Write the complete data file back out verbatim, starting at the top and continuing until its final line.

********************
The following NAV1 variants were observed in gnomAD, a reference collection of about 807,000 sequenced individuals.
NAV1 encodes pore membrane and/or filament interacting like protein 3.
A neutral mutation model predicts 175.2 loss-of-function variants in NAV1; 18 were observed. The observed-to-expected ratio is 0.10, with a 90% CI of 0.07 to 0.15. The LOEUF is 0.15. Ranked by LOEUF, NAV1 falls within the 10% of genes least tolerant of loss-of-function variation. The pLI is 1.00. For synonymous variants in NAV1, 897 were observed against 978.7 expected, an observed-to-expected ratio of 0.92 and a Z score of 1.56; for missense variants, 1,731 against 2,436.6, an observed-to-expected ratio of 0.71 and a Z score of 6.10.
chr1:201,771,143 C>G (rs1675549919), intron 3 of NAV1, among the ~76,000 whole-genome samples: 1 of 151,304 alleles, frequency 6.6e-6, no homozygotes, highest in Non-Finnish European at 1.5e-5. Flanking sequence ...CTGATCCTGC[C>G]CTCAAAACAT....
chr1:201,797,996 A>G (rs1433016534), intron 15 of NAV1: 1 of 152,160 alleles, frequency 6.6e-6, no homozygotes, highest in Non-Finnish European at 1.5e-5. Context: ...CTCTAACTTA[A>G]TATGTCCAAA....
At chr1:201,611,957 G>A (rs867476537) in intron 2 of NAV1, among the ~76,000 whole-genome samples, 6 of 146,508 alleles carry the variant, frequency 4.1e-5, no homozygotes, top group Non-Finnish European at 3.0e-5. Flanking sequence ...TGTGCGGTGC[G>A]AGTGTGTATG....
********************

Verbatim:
The following NAV1 variants were observed in gnomAD, a reference collection of about 807,000 sequenced individuals.
NAV1 encodes pore membrane and/or filament interacting like protein 3.
A neutral mutation model predicts 175.2 loss-of-function variants in NAV1; 18 were observed. The observed-to-expected ratio is 0.10, with a 90% CI of 0.07 to 0.15. The LOEUF is 0.15. Ranked by LOEUF, NAV1 falls within the 10% of genes least tolerant of loss-of-function variation. The pLI is 1.00. For synonymous variants in NAV1, 897 were observed against 978.7 expected, an observed-to-expected ratio of 0.92 and a Z score of 1.56; for missense variants, 1,731 against 2,436.6, an observed-to-expected ratio of 0.71 and a Z score of 6.10.
chr1:201,771,143 C>G (rs1675549919), intron 3 of NAV1, among the ~76,000 whole-genome samples: 1 of 151,304 alleles, frequency 6.6e-6, no homozygotes, highest in Non-Finnish European at 1.5e-5. Flanking sequence ...CTGATCCTGC[C>G]CTCAAAACAT....
chr1:201,797,996 A>G (rs1433016534), intron 15 of NAV1: 1 of 152,160 alleles, frequency 6.6e-6, no homozygotes, highest in Non-Finnish European at 1.5e-5. Context: ...CTCTAACTTA[A>G]TATGTCCAAA....
At chr1:201,611,957 G>A (rs867476537) in intron 2 of NAV1, among the ~76,000 whole-genome samples, 6 of 146,508 alleles carry the variant, frequency 4.1e-5, no homozygotes, top group Non-Finnish European at 3.0e-5. Flanking sequence ...TGTGCGGTGC[G>A]AGTGTGTATG....